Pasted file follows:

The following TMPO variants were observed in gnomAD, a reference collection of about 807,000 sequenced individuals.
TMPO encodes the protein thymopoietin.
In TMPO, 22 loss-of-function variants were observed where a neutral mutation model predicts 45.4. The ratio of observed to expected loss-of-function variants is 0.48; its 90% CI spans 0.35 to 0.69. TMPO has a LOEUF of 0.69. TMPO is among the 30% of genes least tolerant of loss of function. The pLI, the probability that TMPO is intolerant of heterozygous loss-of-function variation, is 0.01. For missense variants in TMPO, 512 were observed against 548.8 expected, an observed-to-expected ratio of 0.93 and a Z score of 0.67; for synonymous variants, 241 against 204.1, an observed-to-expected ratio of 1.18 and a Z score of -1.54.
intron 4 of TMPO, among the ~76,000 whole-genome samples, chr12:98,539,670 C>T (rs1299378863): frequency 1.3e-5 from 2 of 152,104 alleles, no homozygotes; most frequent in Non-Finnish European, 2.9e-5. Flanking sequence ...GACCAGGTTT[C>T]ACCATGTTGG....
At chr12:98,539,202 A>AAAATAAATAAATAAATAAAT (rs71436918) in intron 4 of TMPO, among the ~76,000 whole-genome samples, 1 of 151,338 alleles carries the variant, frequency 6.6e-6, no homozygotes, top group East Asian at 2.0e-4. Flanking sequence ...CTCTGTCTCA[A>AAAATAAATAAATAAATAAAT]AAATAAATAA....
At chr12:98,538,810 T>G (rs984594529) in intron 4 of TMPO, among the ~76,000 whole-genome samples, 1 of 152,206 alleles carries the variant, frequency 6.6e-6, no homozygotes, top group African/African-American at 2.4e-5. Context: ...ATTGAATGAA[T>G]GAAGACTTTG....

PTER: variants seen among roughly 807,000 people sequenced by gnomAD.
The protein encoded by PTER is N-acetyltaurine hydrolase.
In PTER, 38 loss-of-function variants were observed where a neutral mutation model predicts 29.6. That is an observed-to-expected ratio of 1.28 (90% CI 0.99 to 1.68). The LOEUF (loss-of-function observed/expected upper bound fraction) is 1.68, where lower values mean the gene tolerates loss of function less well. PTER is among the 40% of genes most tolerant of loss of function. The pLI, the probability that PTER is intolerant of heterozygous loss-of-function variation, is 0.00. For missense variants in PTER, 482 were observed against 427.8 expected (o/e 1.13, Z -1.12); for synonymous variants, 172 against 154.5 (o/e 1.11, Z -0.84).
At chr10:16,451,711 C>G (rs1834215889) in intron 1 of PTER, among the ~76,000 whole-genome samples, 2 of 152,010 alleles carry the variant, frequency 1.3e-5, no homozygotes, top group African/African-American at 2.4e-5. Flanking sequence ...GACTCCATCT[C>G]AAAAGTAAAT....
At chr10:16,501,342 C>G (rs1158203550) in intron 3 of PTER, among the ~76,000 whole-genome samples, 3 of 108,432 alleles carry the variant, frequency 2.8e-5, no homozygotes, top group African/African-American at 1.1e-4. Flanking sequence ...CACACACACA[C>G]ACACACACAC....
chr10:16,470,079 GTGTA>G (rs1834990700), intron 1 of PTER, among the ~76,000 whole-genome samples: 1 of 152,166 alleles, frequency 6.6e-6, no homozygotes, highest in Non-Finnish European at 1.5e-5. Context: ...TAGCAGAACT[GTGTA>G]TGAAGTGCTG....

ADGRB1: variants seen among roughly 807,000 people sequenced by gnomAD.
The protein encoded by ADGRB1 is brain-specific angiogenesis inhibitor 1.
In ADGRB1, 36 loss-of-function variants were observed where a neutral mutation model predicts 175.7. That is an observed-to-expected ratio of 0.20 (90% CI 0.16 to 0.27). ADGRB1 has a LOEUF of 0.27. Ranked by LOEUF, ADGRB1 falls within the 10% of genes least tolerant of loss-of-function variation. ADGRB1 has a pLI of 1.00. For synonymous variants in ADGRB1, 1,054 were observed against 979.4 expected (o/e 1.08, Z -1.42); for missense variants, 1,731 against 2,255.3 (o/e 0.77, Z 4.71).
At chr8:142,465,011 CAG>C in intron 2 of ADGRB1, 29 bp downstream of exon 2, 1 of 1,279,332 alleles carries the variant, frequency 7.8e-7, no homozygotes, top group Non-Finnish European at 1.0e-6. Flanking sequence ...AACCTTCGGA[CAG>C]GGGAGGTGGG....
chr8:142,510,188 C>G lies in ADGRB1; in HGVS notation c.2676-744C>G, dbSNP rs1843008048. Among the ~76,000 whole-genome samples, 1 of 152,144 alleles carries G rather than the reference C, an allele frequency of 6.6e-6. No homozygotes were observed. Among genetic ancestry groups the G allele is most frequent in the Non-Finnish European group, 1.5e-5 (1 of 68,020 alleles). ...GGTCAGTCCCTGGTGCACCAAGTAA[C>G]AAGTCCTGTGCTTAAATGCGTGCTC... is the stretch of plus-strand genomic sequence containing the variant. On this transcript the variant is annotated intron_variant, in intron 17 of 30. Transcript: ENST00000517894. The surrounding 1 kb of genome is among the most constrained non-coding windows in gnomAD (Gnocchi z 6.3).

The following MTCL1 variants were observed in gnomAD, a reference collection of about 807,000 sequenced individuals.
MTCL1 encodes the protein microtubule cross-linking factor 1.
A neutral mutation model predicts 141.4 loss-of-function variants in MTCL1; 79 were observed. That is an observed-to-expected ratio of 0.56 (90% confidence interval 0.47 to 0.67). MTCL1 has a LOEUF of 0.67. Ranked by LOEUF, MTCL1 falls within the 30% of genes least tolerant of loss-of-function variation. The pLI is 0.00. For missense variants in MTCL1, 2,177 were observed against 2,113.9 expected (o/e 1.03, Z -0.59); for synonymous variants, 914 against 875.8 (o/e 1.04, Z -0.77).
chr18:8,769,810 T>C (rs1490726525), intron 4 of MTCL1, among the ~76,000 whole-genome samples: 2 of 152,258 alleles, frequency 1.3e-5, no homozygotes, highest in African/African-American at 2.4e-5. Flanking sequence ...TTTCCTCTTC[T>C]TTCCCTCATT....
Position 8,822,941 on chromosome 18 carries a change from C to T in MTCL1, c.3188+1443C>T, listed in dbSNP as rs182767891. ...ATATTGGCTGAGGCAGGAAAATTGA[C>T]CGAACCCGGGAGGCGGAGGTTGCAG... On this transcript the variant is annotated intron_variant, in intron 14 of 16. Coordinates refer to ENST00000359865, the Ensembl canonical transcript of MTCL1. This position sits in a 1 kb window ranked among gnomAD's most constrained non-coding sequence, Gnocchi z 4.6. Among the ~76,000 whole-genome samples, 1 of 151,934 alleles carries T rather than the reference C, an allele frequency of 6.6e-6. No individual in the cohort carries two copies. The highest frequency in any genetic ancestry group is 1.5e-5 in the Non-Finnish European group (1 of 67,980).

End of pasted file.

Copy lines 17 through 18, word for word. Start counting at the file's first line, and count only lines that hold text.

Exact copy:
chr8:142,510,188 C>G lies in ADGRB1; in HGVS notation c.2676-744C>G, dbSNP rs1843008048. Among the ~76,000 whole-genome samples, 1 of 152,144 alleles carries G rather than the reference C, an allele frequency of 6.6e-6. No homozygotes were observed. Among genetic ancestry groups the G allele is most frequent in the Non-Finnish European group, 1.5e-5 (1 of 68,020 alleles). ...GGTCAGTCCCTGGTGCACCAAGTAA[C>G]AAGTCCTGTGCTTAAATGCGTGCTC... is the stretch of plus-strand genomic sequence containing the variant. On this transcript the variant is annotated intron_variant, in intron 17 of 30. Transcript: ENST00000517894. The surrounding 1 kb of genome is among the most constrained non-coding windows in gnomAD (Gnocchi z 6.3).

The following MTCL1 variants were observed in gnomAD, a reference collection of about 807,000 sequenced individuals.